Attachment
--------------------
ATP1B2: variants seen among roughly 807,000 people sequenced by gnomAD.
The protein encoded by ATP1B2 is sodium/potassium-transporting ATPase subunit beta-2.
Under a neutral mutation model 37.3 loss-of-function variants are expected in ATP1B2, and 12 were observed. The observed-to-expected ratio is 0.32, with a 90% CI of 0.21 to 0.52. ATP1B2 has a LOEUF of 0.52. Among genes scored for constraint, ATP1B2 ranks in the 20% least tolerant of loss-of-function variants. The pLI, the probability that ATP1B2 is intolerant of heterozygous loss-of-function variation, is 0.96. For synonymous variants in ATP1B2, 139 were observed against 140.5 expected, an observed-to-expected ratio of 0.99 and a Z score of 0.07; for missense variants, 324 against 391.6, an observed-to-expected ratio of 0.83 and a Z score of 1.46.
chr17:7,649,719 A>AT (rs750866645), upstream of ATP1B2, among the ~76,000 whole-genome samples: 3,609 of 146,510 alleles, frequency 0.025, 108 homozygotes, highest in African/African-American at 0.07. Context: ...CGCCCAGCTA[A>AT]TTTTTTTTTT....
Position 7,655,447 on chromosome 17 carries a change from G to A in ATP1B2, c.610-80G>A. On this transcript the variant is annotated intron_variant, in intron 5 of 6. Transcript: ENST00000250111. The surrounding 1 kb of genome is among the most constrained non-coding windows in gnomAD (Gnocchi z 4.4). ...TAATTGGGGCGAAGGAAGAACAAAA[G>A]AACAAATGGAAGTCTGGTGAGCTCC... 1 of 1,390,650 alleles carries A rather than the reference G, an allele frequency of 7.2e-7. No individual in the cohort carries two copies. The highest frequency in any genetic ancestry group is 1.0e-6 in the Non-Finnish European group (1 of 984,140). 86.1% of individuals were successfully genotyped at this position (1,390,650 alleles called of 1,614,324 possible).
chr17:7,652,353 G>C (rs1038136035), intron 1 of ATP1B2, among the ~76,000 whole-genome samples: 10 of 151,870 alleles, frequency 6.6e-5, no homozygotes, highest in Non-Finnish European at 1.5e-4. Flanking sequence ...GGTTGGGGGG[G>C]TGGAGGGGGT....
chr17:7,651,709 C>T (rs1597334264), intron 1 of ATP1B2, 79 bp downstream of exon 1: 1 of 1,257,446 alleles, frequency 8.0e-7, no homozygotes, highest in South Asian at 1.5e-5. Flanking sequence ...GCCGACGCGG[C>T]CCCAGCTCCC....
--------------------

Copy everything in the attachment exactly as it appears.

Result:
ATP1B2: variants seen among roughly 807,000 people sequenced by gnomAD.
The protein encoded by ATP1B2 is sodium/potassium-transporting ATPase subunit beta-2.
Under a neutral mutation model 37.3 loss-of-function variants are expected in ATP1B2, and 12 were observed. The observed-to-expected ratio is 0.32, with a 90% CI of 0.21 to 0.52. ATP1B2 has a LOEUF of 0.52. Among genes scored for constraint, ATP1B2 ranks in the 20% least tolerant of loss-of-function variants. The pLI, the probability that ATP1B2 is intolerant of heterozygous loss-of-function variation, is 0.96. For synonymous variants in ATP1B2, 139 were observed against 140.5 expected, an observed-to-expected ratio of 0.99 and a Z score of 0.07; for missense variants, 324 against 391.6, an observed-to-expected ratio of 0.83 and a Z score of 1.46.
chr17:7,649,719 A>AT (rs750866645), upstream of ATP1B2, among the ~76,000 whole-genome samples: 3,609 of 146,510 alleles, frequency 0.025, 108 homozygotes, highest in African/African-American at 0.07. Context: ...CGCCCAGCTA[A>AT]TTTTTTTTTT....
Position 7,655,447 on chromosome 17 carries a change from G to A in ATP1B2, c.610-80G>A. On this transcript the variant is annotated intron_variant, in intron 5 of 6. Transcript: ENST00000250111. The surrounding 1 kb of genome is among the most constrained non-coding windows in gnomAD (Gnocchi z 4.4). ...TAATTGGGGCGAAGGAAGAACAAAA[G>A]AACAAATGGAAGTCTGGTGAGCTCC... 1 of 1,390,650 alleles carries A rather than the reference G, an allele frequency of 7.2e-7. No individual in the cohort carries two copies. The highest frequency in any genetic ancestry group is 1.0e-6 in the Non-Finnish European group (1 of 984,140). 86.1% of individuals were successfully genotyped at this position (1,390,650 alleles called of 1,614,324 possible).
chr17:7,652,353 G>C (rs1038136035), intron 1 of ATP1B2, among the ~76,000 whole-genome samples: 10 of 151,870 alleles, frequency 6.6e-5, no homozygotes, highest in Non-Finnish European at 1.5e-4. Flanking sequence ...GGTTGGGGGG[G>C]TGGAGGGGGT....
chr17:7,651,709 C>T (rs1597334264), intron 1 of ATP1B2, 79 bp downstream of exon 1: 1 of 1,257,446 alleles, frequency 8.0e-7, no homozygotes, highest in South Asian at 1.5e-5. Flanking sequence ...GCCGACGCGG[C>T]CCCAGCTCCC....